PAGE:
Buddha Bar Knightsbridge

Buddha Bar. A bar with a Buddha. No expense was spared with marketing teams when naming this pan-asian restaurant and bar. Halal chicken is served here, though I’m unsure if this is upon request only, so please check yourselves if visiting. Alcohol is served.

Food: 2/5

For any of you who read my posts in the Dentistry section (none of you), you’ll know that Buddha Bar was the venue for our halfway dinner. There was no shortage of second opinions on this occasion. My pre-order included a “Budu” mocktail, prawn and pineapple salad, chilli honey-glazed chicken with sweet potato puree, and a mango panna cotta. Exciting stuff on paper.

First to arrive of course, was the Budu mocktail, consisting of red grape, lime juice, pomegranate juice, and caramel syrup. It was mellow and sweet, with a lovely strong and smooth essence of caramel syrup, which snuck in from the background with each sip before having the final word.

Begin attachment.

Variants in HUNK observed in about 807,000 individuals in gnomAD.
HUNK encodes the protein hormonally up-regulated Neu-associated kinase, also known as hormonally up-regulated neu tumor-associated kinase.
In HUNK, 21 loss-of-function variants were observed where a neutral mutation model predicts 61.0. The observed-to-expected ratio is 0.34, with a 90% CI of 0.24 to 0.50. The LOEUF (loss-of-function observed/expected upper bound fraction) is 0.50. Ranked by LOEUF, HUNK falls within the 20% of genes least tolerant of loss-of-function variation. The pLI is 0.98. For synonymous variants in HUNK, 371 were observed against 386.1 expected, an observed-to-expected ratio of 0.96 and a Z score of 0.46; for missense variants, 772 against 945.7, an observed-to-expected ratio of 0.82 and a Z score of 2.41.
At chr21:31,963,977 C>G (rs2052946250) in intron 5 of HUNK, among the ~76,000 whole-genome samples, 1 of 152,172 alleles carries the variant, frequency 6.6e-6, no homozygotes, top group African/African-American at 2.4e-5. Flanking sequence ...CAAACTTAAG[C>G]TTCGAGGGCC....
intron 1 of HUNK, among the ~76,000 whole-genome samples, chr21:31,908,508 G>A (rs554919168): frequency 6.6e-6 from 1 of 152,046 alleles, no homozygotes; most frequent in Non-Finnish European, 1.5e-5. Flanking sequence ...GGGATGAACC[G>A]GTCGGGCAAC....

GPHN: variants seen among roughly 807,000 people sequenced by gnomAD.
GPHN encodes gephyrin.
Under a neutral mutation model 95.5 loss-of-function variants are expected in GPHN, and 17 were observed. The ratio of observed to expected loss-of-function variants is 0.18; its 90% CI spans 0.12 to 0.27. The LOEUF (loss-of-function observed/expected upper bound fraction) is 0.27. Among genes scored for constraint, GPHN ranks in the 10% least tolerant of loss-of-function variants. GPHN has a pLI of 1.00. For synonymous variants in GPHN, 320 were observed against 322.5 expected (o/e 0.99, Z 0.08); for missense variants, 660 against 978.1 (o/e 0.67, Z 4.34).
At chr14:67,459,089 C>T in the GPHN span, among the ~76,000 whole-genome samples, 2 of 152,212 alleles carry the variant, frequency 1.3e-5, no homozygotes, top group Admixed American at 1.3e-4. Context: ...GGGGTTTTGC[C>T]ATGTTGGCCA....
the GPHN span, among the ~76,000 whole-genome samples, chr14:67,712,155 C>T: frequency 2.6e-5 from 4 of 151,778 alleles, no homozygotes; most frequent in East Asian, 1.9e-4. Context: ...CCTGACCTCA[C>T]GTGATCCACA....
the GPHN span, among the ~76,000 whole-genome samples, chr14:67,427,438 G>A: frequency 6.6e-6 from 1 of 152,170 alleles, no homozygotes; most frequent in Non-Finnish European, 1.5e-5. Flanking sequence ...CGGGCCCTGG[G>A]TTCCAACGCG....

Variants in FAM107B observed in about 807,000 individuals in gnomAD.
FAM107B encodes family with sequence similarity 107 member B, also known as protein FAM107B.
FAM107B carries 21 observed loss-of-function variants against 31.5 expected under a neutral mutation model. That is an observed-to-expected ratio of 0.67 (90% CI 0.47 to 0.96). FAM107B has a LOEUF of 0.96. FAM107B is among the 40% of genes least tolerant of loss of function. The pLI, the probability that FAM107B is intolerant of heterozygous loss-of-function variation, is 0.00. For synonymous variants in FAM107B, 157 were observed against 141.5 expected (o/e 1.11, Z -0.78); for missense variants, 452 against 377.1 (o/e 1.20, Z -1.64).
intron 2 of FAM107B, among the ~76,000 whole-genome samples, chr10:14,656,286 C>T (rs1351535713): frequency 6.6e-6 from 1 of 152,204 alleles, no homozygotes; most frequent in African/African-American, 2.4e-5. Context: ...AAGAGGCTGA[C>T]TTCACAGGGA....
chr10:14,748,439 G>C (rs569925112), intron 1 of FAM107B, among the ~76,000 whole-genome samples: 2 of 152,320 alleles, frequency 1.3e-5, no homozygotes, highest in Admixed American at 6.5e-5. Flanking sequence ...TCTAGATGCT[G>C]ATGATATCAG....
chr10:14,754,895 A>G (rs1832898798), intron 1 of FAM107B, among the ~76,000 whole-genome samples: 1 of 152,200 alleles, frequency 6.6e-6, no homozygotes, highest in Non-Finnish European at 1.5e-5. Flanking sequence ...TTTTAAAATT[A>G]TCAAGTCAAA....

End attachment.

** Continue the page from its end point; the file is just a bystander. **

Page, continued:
wpid-2015-03-02_09.55.18.jpgBudu mocktail

Next came the prawn and pineapple salad which wasn’t quite as impressive. Sitting on a bed of lettuce and cabbage, with the odd carrot shaving thrown in, it was a pretty boring salad, even for salad standards. And those are pretty low standards in a carnivore’s book. The prawns were soft and well-cooked, but ultimately rather bland, whilst the pineapple pieces were far too scarce to add anything substantial to the plate. The dressing (which was supposed to be a sweet chilli), was also far too sour for my liking, and rather overbearing.